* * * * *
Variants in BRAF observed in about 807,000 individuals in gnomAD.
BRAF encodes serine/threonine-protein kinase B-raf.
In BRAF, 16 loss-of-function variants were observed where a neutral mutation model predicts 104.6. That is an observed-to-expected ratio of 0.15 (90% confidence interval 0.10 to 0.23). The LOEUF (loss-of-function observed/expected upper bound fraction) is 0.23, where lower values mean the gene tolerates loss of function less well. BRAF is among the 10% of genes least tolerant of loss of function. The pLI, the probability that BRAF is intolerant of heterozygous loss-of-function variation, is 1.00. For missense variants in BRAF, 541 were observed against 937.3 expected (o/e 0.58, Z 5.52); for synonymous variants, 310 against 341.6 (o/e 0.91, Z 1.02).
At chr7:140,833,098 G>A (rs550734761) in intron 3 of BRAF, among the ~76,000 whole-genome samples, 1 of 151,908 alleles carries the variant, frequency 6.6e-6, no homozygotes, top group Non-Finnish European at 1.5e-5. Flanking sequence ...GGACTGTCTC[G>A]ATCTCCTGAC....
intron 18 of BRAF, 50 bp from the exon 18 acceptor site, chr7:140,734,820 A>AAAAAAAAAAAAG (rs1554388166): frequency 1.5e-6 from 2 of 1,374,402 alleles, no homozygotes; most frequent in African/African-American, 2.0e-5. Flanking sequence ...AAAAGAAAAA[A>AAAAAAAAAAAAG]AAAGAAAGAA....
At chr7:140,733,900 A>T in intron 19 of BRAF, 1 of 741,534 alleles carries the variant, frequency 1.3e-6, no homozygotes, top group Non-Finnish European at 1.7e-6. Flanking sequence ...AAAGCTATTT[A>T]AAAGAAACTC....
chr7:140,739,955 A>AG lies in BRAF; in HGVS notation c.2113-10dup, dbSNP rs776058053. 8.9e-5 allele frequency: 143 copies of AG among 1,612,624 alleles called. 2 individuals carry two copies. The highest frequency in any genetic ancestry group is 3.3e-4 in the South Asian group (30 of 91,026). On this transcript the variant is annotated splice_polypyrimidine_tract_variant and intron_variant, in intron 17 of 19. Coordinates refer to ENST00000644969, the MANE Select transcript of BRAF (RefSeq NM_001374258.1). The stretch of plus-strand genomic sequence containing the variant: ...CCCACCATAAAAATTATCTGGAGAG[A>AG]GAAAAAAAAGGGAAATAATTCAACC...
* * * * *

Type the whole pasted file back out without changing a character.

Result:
Variants in BRAF observed in about 807,000 individuals in gnomAD.
BRAF encodes serine/threonine-protein kinase B-raf.
In BRAF, 16 loss-of-function variants were observed where a neutral mutation model predicts 104.6. That is an observed-to-expected ratio of 0.15 (90% confidence interval 0.10 to 0.23). The LOEUF (loss-of-function observed/expected upper bound fraction) is 0.23, where lower values mean the gene tolerates loss of function less well. BRAF is among the 10% of genes least tolerant of loss of function. The pLI, the probability that BRAF is intolerant of heterozygous loss-of-function variation, is 1.00. For missense variants in BRAF, 541 were observed against 937.3 expected (o/e 0.58, Z 5.52); for synonymous variants, 310 against 341.6 (o/e 0.91, Z 1.02).
At chr7:140,833,098 G>A (rs550734761) in intron 3 of BRAF, among the ~76,000 whole-genome samples, 1 of 151,908 alleles carries the variant, frequency 6.6e-6, no homozygotes, top group Non-Finnish European at 1.5e-5. Flanking sequence ...GGACTGTCTC[G>A]ATCTCCTGAC....
intron 18 of BRAF, 50 bp from the exon 18 acceptor site, chr7:140,734,820 A>AAAAAAAAAAAAG (rs1554388166): frequency 1.5e-6 from 2 of 1,374,402 alleles, no homozygotes; most frequent in African/African-American, 2.0e-5. Flanking sequence ...AAAAGAAAAA[A>AAAAAAAAAAAAG]AAAGAAAGAA....
At chr7:140,733,900 A>T in intron 19 of BRAF, 1 of 741,534 alleles carries the variant, frequency 1.3e-6, no homozygotes, top group Non-Finnish European at 1.7e-6. Flanking sequence ...AAAGCTATTT[A>T]AAAGAAACTC....
chr7:140,739,955 A>AG lies in BRAF; in HGVS notation c.2113-10dup, dbSNP rs776058053. 8.9e-5 allele frequency: 143 copies of AG among 1,612,624 alleles called. 2 individuals carry two copies. The highest frequency in any genetic ancestry group is 3.3e-4 in the South Asian group (30 of 91,026). On this transcript the variant is annotated splice_polypyrimidine_tract_variant and intron_variant, in intron 17 of 19. Coordinates refer to ENST00000644969, the MANE Select transcript of BRAF (RefSeq NM_001374258.1). The stretch of plus-strand genomic sequence containing the variant: ...CCCACCATAAAAATTATCTGGAGAG[A>AG]GAAAAAAAAGGGAAATAATTCAACC...